3. The executive leadership team used a Leadership Circle Profile Group Report, showing an aggregate of the individual reports so that the team could look at their collective Profile and discuss how they could work better as a team at creating the culture that would get them back to their winning ways.
  4. Managers and supervisors used the Leadership Circle Profile Manager Edition to see how their performance compared to what was required to become successful. The Leadership Circle Manager Edition enabled middle management and supervisors to have powerful conversations, based on a common language, with senior leaders. Those conversations led to the development of policies, procedures, and commitments creating new ways to make decisions and take action at all levels.

Senior Leadership Team Development

Two banks merged and combined senior leadership teams. Jockeying for position became the predominant activity as leaders fought for their survival. In the meantime, the merged organization grew confused over goals, roles, and responsibilities. The newly merged board of directors intervened to get leadership on track. One bank had an internal organization development team that was engaged to facilitate a process of senior leadership team development.

Here’s what they did:

  1. Internal coaches led a three-day Authentic Leader Workshop where leaders learned what is required to perform at the highest levels.
    1. The difference between reacting to problems and creating compelling outcomes.
    2. Becoming aware of how internal beliefs and assumptions give rise to limiting behavior.
    3. How to clarify organizational purpose and vision so that they generate productive engagement.
    4. How to lead the creation of an organizational culture that will bring the purpose and vision to life.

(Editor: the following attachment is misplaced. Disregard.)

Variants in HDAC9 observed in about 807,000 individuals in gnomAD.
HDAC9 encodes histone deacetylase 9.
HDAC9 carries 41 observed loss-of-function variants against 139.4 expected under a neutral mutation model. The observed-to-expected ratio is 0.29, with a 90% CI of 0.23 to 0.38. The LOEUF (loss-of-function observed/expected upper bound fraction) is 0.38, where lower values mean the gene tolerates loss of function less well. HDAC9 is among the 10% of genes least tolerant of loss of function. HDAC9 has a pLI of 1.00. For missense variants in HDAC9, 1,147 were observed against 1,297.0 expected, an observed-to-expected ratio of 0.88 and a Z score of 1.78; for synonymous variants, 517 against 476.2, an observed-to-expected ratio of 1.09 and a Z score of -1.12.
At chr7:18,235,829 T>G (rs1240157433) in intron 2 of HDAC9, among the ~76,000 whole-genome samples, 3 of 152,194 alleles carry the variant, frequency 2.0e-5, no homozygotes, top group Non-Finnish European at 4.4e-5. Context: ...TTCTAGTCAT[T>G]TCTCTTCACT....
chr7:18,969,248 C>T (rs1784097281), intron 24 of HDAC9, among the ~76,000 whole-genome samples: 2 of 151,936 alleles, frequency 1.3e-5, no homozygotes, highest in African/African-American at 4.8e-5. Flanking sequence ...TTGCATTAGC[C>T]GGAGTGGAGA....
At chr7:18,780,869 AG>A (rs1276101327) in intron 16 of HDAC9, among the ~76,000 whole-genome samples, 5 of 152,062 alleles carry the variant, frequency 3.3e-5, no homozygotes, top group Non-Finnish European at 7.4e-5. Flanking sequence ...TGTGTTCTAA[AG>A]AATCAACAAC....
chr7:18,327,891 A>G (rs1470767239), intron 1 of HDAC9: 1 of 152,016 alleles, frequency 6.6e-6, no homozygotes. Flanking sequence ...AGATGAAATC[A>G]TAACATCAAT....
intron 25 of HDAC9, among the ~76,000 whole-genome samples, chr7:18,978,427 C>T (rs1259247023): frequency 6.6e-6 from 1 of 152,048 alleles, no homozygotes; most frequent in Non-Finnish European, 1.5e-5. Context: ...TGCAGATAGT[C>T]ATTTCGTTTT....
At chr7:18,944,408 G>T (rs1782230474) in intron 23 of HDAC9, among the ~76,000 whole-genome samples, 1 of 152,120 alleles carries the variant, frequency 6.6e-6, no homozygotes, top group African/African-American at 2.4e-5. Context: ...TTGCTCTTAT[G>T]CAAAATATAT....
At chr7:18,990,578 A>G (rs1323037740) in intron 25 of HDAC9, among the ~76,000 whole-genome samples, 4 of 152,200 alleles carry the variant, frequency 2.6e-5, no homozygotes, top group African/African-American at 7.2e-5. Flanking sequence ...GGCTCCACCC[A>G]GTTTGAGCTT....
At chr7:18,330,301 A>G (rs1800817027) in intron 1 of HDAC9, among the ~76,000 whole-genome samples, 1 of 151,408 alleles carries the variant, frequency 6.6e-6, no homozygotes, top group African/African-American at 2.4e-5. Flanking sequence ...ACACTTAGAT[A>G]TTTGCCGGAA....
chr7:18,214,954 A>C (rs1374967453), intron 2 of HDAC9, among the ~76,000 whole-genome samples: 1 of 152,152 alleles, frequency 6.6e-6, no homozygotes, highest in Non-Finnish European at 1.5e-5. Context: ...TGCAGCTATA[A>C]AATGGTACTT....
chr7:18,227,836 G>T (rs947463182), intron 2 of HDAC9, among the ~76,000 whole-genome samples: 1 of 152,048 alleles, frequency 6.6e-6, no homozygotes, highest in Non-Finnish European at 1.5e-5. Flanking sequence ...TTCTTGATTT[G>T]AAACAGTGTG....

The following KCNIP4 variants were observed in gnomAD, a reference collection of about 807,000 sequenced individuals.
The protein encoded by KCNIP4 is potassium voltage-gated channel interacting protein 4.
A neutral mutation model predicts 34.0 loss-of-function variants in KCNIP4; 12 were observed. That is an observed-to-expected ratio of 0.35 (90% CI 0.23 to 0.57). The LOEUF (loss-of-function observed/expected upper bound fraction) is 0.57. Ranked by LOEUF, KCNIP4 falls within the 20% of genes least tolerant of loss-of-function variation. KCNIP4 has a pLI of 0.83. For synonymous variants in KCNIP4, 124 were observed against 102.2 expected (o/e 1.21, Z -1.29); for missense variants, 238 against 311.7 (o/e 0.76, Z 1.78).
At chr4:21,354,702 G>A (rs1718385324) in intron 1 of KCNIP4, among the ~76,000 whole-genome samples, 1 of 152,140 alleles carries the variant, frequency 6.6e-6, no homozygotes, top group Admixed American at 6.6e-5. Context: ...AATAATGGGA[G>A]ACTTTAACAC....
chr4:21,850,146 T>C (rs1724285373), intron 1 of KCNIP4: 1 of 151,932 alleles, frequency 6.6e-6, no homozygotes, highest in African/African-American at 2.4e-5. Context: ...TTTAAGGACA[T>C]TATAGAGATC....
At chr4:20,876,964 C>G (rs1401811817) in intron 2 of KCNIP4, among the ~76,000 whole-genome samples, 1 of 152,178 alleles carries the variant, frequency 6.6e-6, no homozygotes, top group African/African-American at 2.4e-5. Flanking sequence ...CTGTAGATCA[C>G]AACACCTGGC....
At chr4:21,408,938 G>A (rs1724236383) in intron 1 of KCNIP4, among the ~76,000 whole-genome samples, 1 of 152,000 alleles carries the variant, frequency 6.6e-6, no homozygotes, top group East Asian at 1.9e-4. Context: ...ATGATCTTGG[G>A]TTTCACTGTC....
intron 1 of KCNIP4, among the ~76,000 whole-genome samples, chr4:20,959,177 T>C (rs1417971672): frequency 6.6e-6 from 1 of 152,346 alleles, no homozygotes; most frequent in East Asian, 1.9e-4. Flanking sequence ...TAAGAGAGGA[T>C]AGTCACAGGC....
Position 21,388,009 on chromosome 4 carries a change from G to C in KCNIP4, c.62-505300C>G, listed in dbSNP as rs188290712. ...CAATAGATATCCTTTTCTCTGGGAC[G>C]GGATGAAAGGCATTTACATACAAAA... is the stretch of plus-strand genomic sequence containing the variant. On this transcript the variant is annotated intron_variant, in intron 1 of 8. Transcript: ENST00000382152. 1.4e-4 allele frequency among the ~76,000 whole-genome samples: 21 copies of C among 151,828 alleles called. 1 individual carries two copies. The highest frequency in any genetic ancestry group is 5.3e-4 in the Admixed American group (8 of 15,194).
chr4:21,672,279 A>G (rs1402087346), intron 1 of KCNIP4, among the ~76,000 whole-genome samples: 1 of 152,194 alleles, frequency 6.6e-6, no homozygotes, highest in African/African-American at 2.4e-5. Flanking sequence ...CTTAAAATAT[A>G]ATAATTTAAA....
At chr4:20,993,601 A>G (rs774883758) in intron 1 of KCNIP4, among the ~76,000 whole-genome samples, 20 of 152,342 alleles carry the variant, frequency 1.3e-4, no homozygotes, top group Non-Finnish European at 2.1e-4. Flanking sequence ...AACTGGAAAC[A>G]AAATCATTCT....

2. Each leader received 360-degree feedback through the Leadership Circle Profile. The Authentic Leader Workshop gave leaders a strong foundation to understand what their feedback meant. Team members shared their Profiles with each other so they could see each other’s strengths and limitations of each other and the implications for the team. The act of sharing Profiles was a powerful moment of trust building.
  3. For six months, leaders worked individually and as a group with internal coaches. During this time, several members of the senior leadership team decided to assume roles one step down in the hierarchy in order to bring the organization together.
  4. Authentic Leader workshops were conducted at the vice president and director levels, then at the middle manager and supervisor levels. These sessions included Leadership Circle Profile feedback.
  5. Middle managers and supervisors participated in year-long cohort groups, sharing progress and challenges with each other on a monthly basis guided by internal coaches. They used The Leadership Circle’s Follow-Through Tool to manage their development efforts and to help hold each other accountable and share what they were learning.

These are just two examples of the powerful ways The Leadership Circle’s Leadership Development System can be used. Join us on May 17th  at 1 p.m. EST for a free webinar featuring practitioners who have successfully used our portfolio to facilitate development initiatives.


Douglas Day

Author Douglas Day